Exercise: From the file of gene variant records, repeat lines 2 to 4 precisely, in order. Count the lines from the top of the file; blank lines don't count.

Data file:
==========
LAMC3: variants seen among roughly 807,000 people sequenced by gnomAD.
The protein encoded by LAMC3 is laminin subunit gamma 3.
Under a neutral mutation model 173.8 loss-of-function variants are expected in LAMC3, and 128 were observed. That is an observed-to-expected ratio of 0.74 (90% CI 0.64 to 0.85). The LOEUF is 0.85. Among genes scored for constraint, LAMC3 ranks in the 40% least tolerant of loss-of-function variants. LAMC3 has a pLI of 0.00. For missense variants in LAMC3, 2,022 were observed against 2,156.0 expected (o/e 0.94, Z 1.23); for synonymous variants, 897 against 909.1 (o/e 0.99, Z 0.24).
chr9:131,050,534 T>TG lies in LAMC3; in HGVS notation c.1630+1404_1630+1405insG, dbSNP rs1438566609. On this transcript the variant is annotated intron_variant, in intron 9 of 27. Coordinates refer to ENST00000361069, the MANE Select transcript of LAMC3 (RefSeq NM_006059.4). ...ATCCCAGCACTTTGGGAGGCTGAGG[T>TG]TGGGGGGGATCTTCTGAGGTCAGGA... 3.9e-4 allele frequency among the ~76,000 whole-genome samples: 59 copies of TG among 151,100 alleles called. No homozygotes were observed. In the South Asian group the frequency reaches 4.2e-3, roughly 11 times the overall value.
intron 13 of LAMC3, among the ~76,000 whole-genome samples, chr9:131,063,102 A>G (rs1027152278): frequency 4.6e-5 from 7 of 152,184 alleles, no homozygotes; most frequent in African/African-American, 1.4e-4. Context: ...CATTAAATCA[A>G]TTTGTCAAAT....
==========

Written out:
The protein encoded by LAMC3 is laminin subunit gamma 3.
Under a neutral mutation model 173.8 loss-of-function variants are expected in LAMC3, and 128 were observed. That is an observed-to-expected ratio of 0.74 (90% CI 0.64 to 0.85). The LOEUF is 0.85. Among genes scored for constraint, LAMC3 ranks in the 40% least tolerant of loss-of-function variants. LAMC3 has a pLI of 0.00. For missense variants in LAMC3, 2,022 were observed against 2,156.0 expected (o/e 0.94, Z 1.23); for synonymous variants, 897 against 909.1 (o/e 0.99, Z 0.24).
chr9:131,050,534 T>TG lies in LAMC3; in HGVS notation c.1630+1404_1630+1405insG, dbSNP rs1438566609. On this transcript the variant is annotated intron_variant, in intron 9 of 27. Coordinates refer to ENST00000361069, the MANE Select transcript of LAMC3 (RefSeq NM_006059.4). ...ATCCCAGCACTTTGGGAGGCTGAGG[T>TG]TGGGGGGGATCTTCTGAGGTCAGGA... 3.9e-4 allele frequency among the ~76,000 whole-genome samples: 59 copies of TG among 151,100 alleles called. No homozygotes were observed. In the South Asian group the frequency reaches 4.2e-3, roughly 11 times the overall value.